Aberrant control of gene expression programs is contributing to the pathogenesis of a number of globally significant diseases, including cardiovascular disease (CVD), obesity, and diabetes. Members of the sterol regulatory element-binding protein (SREBP) family of transcription factors controls genes involved in cholesterol/lipid metabolism, membrane synthesis, and fat storage. Aberrant SREBP activity has been linked to conditions associated with metabolic syndrome, such as insulin resistance, obesity, elevated LDL-C and triglycerides, cardiovascular pathologies, and non-alcoholic fatty liver disease. Furthermore, SREBPs have been implicated in cancer cell proliferation and replication of enveloped viruses through regulation of membrane synthesis. We have previously defined the molecular requirements for gene activation by SREBPs, demonstrating a central role for the MED15 subunit of the Mediator co-activator complex and the CBP/p300 acetyltransferases. While most therapeutic approaches aimed at altering gene expression programs target upstream signaling pathways or nuclear translocation checkpoints, our studies have provided mechanistic insights supporting an alternative approach, which is aimed at directly inhibiting the interaction of the SREBP transactivation domains (TADs) with MED15 and CBP/p300 co-activators in the nucleus. The goal of the proposed research is to elucidate the mechanisms by which the SREBP transcriptional activators interact with co-activators, and to develop specific small-molecule inhibitors of these interactions. Through a combination of structural and biophysical methods in conjunction with high-throughput screening of small molecules, we propose to use structural insights to guide the development of new classes of therapeutics against cardiovascular and other diseases. In preliminary work, we have already been able to identify small-molecule inhibitors capable of disrupting SREBP-TAD binding to MED15, resulting in concomitant down-regulation of its target genes, such as fatty acid synthase (FASN). Inhibitors emerging from these studies will be optimized with medicinal chemistry. We will pursue the following specific aims:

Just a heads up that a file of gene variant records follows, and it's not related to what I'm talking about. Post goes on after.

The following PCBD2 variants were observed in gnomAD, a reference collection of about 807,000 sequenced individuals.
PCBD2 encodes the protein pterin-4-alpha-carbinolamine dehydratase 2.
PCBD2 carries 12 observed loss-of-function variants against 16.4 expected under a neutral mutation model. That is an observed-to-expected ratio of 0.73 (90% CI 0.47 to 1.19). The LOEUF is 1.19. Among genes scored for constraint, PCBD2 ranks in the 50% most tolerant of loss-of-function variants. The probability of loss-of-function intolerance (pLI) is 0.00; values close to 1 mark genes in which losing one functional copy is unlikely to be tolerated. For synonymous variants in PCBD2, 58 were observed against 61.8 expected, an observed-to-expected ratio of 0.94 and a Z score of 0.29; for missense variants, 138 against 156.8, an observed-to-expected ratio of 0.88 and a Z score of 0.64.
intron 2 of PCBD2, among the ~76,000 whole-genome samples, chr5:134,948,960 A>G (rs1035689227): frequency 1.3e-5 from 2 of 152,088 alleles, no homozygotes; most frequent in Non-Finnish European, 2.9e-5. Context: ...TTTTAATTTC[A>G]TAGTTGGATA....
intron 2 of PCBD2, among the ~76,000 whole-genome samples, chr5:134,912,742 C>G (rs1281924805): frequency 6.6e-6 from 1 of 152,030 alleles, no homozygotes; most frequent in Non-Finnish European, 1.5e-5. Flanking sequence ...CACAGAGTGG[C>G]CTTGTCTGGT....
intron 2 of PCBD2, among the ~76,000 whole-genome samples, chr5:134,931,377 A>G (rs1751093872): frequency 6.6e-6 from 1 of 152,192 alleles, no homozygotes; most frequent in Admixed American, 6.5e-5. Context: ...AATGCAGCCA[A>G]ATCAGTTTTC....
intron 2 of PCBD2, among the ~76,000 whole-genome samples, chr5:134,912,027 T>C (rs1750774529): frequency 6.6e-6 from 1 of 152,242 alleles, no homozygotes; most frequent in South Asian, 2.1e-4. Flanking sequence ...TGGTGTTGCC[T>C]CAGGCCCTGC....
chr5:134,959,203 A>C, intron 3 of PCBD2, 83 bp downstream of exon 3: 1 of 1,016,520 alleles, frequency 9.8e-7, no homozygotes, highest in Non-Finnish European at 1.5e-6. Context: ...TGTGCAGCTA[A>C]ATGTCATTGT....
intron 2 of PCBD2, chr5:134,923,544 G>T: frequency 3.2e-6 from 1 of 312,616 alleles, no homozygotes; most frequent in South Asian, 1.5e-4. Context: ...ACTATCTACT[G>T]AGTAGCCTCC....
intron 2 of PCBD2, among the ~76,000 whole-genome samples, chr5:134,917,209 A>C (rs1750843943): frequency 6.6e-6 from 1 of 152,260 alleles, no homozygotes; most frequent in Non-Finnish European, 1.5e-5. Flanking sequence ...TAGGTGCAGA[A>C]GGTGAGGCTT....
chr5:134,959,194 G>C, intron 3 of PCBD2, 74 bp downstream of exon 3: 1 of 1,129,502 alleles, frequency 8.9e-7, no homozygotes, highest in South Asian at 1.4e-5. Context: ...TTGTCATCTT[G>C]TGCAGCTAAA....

Specific Aim 1 : Characterize structurally and functionally the SREBP interaction with co-activators MED15 and CBP/p300.
Specific Aim 2 : Discover and characterize in vitro small-molecule inhibitors of the SREBP-TAD interaction with co-activators to develop therapeutics against aberrant cholesterol/lipid metabolism.
Specific Aim 3 : Functionally characterize identified SREBP/co-activator inhibitors using both cell culture and mouse models.
We will elucidate the mechanisms by which the transcriptional activator SREBP (sterol regulatory element binding proteins) interacts with the co-activator component Med15 to control expression of cholesterol and fatty acid synthesis. Search for small molecule inhibitors of the SREBP/Med15 interaction will lead to drug leads against cardiovascular diseases and diabetes.